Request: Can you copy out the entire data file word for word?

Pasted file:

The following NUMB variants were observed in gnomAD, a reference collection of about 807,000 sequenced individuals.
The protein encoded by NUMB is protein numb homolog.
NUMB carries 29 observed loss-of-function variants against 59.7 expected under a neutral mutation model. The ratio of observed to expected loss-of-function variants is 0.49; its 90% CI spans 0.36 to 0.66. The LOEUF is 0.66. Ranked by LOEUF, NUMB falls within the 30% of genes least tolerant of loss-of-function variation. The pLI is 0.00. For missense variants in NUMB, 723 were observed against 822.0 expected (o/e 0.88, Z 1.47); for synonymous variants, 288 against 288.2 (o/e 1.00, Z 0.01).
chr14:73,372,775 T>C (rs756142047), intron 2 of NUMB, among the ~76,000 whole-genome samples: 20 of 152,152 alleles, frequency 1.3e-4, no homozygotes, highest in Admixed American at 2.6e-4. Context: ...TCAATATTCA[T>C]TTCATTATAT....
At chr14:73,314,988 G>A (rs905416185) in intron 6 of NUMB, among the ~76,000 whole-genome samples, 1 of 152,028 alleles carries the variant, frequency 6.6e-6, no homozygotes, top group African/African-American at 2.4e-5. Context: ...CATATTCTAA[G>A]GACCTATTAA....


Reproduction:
The following NUMB variants were observed in gnomAD, a reference collection of about 807,000 sequenced individuals.
The protein encoded by NUMB is protein numb homolog.
NUMB carries 29 observed loss-of-function variants against 59.7 expected under a neutral mutation model. The ratio of observed to expected loss-of-function variants is 0.49; its 90% CI spans 0.36 to 0.66. The LOEUF is 0.66. Ranked by LOEUF, NUMB falls within the 30% of genes least tolerant of loss-of-function variation. The pLI is 0.00. For missense variants in NUMB, 723 were observed against 822.0 expected (o/e 0.88, Z 1.47); for synonymous variants, 288 against 288.2 (o/e 1.00, Z 0.01).
chr14:73,372,775 T>C (rs756142047), intron 2 of NUMB, among the ~76,000 whole-genome samples: 20 of 152,152 alleles, frequency 1.3e-4, no homozygotes, highest in Admixed American at 2.6e-4. Context: ...TCAATATTCA[T>C]TTCATTATAT....
At chr14:73,314,988 G>A (rs905416185) in intron 6 of NUMB, among the ~76,000 whole-genome samples, 1 of 152,028 alleles carries the variant, frequency 6.6e-6, no homozygotes, top group African/African-American at 2.4e-5. Context: ...CATATTCTAA[G>A]GACCTATTAA....